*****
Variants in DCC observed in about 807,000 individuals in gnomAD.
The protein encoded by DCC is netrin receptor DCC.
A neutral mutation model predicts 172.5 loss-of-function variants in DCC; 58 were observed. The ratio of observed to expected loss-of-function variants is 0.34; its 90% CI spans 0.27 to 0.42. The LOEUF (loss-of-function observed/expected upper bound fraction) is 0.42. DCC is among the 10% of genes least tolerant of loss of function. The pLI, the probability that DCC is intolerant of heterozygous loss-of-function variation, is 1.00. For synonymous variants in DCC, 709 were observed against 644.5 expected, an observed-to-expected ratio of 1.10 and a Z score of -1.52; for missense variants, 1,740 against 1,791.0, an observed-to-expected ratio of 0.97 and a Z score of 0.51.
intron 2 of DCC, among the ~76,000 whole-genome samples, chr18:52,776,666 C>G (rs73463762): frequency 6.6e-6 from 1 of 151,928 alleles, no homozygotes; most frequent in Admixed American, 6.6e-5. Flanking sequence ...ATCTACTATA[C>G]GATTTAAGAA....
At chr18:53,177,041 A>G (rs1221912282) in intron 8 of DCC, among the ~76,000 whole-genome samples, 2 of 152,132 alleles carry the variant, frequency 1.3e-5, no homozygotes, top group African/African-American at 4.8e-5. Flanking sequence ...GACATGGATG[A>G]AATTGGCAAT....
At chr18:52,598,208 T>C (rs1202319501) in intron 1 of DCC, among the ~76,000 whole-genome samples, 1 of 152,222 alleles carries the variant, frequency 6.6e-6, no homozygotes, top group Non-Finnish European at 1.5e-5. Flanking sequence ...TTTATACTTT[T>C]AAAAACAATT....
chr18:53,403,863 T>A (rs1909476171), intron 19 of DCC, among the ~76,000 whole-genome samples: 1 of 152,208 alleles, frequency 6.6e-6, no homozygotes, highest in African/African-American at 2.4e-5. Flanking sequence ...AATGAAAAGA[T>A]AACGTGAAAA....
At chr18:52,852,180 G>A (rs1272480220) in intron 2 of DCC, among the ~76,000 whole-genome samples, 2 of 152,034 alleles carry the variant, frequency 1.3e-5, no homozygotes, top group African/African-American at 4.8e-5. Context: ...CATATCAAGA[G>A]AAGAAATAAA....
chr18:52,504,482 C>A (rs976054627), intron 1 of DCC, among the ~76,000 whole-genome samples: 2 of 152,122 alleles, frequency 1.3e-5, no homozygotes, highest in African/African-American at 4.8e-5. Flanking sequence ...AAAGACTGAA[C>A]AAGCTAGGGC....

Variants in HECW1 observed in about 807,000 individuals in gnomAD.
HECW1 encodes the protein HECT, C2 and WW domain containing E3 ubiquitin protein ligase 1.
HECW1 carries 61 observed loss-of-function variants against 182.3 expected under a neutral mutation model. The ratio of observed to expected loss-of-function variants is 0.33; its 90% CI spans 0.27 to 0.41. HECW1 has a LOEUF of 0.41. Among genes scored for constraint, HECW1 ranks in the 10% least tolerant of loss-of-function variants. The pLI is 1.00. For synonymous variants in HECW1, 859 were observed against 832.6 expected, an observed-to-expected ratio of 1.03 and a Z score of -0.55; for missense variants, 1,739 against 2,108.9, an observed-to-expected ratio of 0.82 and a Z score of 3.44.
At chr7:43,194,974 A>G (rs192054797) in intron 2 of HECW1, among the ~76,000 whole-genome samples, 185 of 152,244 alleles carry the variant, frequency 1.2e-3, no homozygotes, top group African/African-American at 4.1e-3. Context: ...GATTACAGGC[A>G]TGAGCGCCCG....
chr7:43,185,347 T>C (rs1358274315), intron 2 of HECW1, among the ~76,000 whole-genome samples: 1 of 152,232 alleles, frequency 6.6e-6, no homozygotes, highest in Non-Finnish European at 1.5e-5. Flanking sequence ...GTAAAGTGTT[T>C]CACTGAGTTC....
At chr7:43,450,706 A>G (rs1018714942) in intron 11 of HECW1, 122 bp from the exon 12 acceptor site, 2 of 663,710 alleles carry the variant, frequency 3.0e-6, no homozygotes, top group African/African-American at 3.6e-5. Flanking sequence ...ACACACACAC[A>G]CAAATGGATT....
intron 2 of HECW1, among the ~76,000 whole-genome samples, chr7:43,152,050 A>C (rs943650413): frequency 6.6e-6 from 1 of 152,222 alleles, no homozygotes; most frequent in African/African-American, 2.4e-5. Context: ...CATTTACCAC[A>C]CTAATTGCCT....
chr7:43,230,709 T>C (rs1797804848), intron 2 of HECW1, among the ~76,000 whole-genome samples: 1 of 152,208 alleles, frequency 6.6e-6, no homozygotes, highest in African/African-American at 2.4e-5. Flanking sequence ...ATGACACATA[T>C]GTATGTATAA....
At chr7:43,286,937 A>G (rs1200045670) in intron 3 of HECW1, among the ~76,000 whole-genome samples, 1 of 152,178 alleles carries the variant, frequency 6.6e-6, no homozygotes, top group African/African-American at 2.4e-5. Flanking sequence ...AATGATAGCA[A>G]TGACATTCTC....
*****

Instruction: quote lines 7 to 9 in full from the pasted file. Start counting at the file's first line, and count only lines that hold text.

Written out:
chr18:53,403,863 T>A (rs1909476171), intron 19 of DCC, among the ~76,000 whole-genome samples: 1 of 152,208 alleles, frequency 6.6e-6, no homozygotes, highest in African/African-American at 2.4e-5. Flanking sequence ...AATGAAAAGA[T>A]AACGTGAAAA....
At chr18:52,852,180 G>A (rs1272480220) in intron 2 of DCC, among the ~76,000 whole-genome samples, 2 of 152,034 alleles carry the variant, frequency 1.3e-5, no homozygotes, top group African/African-American at 4.8e-5. Context: ...CATATCAAGA[G>A]AAGAAATAAA....
chr18:52,504,482 C>A (rs976054627), intron 1 of DCC, among the ~76,000 whole-genome samples: 2 of 152,122 alleles, frequency 1.3e-5, no homozygotes, highest in African/African-American at 4.8e-5. Flanking sequence ...AAAGACTGAA[C>A]AAGCTAGGGC....